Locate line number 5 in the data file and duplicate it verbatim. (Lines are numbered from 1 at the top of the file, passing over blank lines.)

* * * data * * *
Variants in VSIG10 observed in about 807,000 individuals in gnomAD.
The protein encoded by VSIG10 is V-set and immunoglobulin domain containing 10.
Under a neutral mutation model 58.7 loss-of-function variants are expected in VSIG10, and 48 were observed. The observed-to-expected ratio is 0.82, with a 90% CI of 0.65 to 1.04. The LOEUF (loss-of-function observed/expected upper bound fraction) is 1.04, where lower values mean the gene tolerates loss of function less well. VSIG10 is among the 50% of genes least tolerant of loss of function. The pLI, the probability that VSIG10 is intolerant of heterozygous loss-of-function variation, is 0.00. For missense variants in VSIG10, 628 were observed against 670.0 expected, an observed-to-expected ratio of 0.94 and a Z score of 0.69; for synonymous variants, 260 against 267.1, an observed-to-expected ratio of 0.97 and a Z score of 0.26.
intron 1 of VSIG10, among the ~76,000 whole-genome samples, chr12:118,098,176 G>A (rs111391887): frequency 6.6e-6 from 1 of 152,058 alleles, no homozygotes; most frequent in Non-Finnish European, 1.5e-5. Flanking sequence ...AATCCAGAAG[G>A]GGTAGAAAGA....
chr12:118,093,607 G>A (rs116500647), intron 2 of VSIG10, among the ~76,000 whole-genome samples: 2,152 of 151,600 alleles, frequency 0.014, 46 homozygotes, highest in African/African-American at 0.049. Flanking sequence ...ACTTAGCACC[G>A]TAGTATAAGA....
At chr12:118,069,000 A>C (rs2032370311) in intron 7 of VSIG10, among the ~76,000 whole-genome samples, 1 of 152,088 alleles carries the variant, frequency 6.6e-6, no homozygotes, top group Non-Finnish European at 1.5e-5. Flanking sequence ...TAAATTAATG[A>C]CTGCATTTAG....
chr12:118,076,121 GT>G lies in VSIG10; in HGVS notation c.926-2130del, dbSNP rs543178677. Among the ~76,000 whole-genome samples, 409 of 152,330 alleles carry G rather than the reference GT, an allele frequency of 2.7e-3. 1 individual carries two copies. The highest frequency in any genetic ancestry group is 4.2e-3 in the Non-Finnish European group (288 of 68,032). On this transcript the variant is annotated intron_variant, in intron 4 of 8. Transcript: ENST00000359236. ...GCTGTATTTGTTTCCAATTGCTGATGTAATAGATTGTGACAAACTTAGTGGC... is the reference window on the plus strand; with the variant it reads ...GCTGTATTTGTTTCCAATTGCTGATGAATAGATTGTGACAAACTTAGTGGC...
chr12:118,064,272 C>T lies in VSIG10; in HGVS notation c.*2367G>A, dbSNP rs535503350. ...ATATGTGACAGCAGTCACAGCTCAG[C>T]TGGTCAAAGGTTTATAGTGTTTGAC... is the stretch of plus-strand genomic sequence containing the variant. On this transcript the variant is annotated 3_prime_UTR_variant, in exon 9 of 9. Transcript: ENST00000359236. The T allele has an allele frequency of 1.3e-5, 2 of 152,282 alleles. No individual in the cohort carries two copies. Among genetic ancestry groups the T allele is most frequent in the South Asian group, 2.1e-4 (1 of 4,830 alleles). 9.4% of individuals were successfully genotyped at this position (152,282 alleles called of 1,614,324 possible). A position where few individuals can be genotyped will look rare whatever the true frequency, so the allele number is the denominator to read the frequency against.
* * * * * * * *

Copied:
chr12:118,093,607 G>A (rs116500647), intron 2 of VSIG10, among the ~76,000 whole-genome samples: 2,152 of 151,600 alleles, frequency 0.014, 46 homozygotes, highest in African/African-American at 0.049. Flanking sequence ...ACTTAGCACC[G>A]TAGTATAAGA....